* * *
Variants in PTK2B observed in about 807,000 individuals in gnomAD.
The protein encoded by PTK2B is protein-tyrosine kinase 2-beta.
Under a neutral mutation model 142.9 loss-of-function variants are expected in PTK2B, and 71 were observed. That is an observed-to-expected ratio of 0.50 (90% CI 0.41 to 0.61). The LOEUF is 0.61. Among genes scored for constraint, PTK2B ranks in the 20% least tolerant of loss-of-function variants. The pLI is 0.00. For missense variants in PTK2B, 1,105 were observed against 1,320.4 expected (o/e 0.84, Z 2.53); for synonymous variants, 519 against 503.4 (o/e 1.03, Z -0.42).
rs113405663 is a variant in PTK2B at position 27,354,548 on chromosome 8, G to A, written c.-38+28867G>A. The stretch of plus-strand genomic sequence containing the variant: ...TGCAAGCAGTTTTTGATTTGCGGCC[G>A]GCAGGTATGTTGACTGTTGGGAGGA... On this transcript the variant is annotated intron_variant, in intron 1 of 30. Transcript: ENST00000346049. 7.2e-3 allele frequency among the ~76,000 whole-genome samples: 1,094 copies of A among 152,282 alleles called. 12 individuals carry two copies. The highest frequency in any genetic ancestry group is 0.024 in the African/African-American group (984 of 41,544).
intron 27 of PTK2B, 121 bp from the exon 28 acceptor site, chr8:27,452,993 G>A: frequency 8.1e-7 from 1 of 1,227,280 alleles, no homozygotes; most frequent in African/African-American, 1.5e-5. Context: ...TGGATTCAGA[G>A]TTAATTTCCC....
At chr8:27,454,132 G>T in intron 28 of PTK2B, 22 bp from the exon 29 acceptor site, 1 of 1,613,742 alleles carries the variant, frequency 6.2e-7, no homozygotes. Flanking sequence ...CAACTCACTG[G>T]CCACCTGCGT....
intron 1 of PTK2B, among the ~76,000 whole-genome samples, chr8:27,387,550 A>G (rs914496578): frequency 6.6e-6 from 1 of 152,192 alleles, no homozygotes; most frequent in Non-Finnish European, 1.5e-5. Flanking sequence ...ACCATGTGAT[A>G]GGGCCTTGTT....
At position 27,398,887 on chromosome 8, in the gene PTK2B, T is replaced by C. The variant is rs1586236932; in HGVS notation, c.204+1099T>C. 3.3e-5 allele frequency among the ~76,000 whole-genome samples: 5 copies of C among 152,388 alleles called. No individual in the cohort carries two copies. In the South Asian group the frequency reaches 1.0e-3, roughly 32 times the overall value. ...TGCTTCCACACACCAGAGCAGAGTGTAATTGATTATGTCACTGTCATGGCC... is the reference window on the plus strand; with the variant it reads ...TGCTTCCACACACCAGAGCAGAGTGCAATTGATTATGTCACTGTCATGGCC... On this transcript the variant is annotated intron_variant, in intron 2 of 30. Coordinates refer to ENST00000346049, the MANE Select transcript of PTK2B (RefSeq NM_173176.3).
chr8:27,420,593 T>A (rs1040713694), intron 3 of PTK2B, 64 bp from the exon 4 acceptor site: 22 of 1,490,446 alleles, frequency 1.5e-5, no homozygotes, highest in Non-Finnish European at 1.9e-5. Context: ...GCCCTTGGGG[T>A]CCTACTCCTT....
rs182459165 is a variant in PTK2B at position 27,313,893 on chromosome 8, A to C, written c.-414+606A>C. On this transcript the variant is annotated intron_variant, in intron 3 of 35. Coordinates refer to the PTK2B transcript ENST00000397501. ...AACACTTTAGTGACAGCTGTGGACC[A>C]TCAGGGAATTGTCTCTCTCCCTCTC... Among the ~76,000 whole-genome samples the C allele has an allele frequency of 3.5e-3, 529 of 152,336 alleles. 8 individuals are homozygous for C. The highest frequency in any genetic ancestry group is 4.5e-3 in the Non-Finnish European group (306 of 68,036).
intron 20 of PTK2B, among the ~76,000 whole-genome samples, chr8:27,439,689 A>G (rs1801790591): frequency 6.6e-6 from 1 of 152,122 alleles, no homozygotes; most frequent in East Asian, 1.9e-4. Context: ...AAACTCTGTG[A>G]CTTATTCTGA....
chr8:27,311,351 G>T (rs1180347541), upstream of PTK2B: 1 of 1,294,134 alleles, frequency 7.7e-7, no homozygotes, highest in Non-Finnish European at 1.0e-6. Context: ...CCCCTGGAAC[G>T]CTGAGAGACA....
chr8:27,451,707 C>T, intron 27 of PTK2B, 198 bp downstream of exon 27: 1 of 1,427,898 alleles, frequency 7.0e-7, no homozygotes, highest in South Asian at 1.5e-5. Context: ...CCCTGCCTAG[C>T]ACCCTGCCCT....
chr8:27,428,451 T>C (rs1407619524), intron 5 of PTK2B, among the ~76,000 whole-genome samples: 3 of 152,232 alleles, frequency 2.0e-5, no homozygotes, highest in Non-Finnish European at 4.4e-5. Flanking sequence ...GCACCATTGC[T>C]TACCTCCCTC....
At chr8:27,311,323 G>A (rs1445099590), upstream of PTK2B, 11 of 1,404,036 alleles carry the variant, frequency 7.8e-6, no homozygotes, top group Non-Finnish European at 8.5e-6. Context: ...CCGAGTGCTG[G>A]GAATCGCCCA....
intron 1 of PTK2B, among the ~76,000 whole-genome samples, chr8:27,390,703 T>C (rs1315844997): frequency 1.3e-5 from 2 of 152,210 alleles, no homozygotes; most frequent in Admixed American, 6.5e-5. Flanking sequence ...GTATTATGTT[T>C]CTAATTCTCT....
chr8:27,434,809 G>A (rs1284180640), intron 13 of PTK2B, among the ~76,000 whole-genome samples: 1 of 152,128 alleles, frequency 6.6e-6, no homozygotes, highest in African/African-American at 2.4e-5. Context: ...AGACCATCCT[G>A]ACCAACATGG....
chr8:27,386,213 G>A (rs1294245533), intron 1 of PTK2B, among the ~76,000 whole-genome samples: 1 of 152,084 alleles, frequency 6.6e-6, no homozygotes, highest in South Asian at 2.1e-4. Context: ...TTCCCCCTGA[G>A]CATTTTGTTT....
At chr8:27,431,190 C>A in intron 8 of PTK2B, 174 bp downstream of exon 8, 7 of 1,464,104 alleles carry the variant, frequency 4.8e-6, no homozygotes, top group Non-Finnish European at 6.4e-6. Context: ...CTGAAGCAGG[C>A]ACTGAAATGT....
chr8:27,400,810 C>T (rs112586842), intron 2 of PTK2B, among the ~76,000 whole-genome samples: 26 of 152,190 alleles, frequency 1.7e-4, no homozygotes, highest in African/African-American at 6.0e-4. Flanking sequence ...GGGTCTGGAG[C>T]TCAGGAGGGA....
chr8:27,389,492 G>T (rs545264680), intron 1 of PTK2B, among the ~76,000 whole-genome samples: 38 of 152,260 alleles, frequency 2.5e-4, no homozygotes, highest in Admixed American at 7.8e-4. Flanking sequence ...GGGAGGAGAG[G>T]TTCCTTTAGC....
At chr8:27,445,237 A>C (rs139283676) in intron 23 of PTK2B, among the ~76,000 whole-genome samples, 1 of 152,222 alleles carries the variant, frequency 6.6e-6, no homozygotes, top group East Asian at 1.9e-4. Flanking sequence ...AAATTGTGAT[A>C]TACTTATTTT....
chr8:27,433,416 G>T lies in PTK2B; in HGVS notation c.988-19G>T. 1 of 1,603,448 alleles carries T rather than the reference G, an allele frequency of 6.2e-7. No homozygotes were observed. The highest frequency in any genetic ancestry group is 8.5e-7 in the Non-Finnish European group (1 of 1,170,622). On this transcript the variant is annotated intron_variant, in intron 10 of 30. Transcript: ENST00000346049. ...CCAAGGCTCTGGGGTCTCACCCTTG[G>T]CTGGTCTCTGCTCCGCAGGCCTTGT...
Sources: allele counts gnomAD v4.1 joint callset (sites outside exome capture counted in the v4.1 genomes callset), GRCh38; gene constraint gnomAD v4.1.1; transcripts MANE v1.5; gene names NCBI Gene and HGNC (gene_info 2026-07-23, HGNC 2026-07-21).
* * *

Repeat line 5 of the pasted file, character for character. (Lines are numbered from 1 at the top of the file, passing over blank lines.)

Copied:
intron 27 of PTK2B, 121 bp from the exon 28 acceptor site, chr8:27,452,993 G>A: frequency 8.1e-7 from 1 of 1,227,280 alleles, no homozygotes; most frequent in African/African-American, 1.5e-5. Context: ...TGGATTCAGA[G>A]TTAATTTCCC....